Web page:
As the Luas Red Line glides through Dublin’s city centre, it passes trash-strewn empty lots, vacant patches, and boarded-up buildings.
Some of these are owned by organizations that we would expect to be good proprietors: the Office of Public Works and the Law Society of Ireland.
And there is a law on the books that should allow Dublin City Council to fine owners of derelict properties until they clean them up or develop them.
So why are there still so many properties along the tracks that most folk with a dictionary would call derelict?
Well, for a start, none of these underused properties along this stretch of the Red Line have been judged as legally derelict and put on the city’s Derelict Sites Register.
To Call It Derelict or Not to Call It Derelict
To the lay-Dubliner, the brevity of the council’s Derelict Sites Register is a source of bafflement. There are just 59 sites listed, and that low figure doesn’t mesh with the experiences of many who wander around the inner-city.
There’s disagreement about why that number is so low. Is it because the courts have set a high threshold for inclusion? Or because the council hasn’t pushed back against those sitting on derelict sites?
The definition in the Derelict Sites Act certainly seems rather broad, like it might include a lot more than 59 sites in Dublin.
It includes any site which “detracts, or is likely to detract, to a material degree from the amenity, character or appearance of land in the neighbourhood of the land in question”, either because of structures that are “ruinous” or dangerous, or because of the “neglected, unsightly or objectionable condition of the land or of structures on it”, or “the presence, deposit or collection of litter, rubbish, debris or waste”.
If a site fits that definition, and the owner doesn’t clean it up, Dublin City Council can put them on the Derelict Sites Register and charge them an annual levy of 3 percent of the market value.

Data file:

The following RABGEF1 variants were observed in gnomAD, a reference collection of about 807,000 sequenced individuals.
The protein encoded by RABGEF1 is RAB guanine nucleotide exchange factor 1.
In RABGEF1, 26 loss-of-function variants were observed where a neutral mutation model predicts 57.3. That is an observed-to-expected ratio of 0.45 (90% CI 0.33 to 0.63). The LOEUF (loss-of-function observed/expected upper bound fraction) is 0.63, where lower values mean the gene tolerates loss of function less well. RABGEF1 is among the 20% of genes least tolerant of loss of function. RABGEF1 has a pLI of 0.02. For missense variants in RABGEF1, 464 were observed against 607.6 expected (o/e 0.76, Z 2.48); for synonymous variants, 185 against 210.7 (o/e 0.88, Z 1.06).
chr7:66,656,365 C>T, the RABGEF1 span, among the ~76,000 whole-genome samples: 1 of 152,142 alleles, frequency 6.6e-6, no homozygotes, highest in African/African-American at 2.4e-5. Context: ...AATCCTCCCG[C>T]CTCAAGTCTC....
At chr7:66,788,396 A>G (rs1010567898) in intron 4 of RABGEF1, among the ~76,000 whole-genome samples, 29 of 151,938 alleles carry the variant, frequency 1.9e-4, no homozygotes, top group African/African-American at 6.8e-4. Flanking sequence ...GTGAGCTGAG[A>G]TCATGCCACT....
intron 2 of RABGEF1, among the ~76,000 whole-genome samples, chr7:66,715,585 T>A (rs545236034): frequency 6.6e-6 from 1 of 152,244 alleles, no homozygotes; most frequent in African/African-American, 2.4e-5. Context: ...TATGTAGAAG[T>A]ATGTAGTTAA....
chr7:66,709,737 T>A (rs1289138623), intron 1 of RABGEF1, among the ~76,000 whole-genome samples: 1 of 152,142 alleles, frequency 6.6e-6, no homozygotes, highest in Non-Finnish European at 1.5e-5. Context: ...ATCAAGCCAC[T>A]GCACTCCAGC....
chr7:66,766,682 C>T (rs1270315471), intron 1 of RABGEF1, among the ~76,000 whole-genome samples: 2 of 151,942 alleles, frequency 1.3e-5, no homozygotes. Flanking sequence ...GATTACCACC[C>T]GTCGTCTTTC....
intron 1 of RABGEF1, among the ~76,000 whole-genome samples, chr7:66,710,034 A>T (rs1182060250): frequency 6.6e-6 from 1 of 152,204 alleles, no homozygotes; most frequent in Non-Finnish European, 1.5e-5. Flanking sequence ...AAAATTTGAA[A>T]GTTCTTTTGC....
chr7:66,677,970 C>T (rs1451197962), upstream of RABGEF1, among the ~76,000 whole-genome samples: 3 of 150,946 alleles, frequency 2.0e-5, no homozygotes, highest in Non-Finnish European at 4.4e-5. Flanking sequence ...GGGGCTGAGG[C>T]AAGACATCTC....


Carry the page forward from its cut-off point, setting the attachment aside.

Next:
The problem is that attempts to do that often end up in court and the courts have tended to interpret the definition of “derelict” very narrowly, says Dublin city councillor Andrew Montague, of Labour, who is head of the council’s planning committee.
“The courts tend to be very much on the side of the developers and against the side of the city council, actually,” says Montague. “They ruled against the council in most of these cases.”
There’s a process that the council goes through if it thinks a site is derelict. Officials write to the owner, and they have a period of time to clean it up. If they don’t, then they end up on the list.
“There’s quite a limited set of criteria, and it would need to be neglected if that’s the word I can use,” said Tom Dunne, Head of the School of Surveying and Construction Management at Dublin Institute of Technology.
In December 2015, Dublin City Council’s chief executive, Owen Keegan, told the Irish Times that the council had been “too deferential” to property owners and “unduly tolerant” of sites which blight the city. It was something some city councillors had been saying for some time.
“I think it’s fair to say that the council [management] hasn’t been taking an overly active approach,” said Fine Gael councillor Ray McAdam. “We’ve been raising these issues and we get the same standard reply month in, month out.”
McAdam says he has seen the council succeed in court in some cases, such as some properties in Phibsboro. What he believes made a lot of difference for these sites, was the dedication of the council official who plugged away at it.
If more council officials had worked with such zeal, the council might have also pocketed more money from sites. The value of land has changed a lot over the years, but right now in the inner-city, it is about €4 million for an acre.
So, for a site that covers a quarter of an acre and was put on the Derelict Sites Register with an annual levy of 3 percent, the council could have brought in €30,000.
Dealing with Vacant Sites
The limitations of the Derelict Sites Act is that “It’s really intended to make people clean them up, it’s not intended to ensure that a vacant site gets developed,” says Dunne of DIT. Which is why councillors and officials lobbied for years for a vacant-sites levy.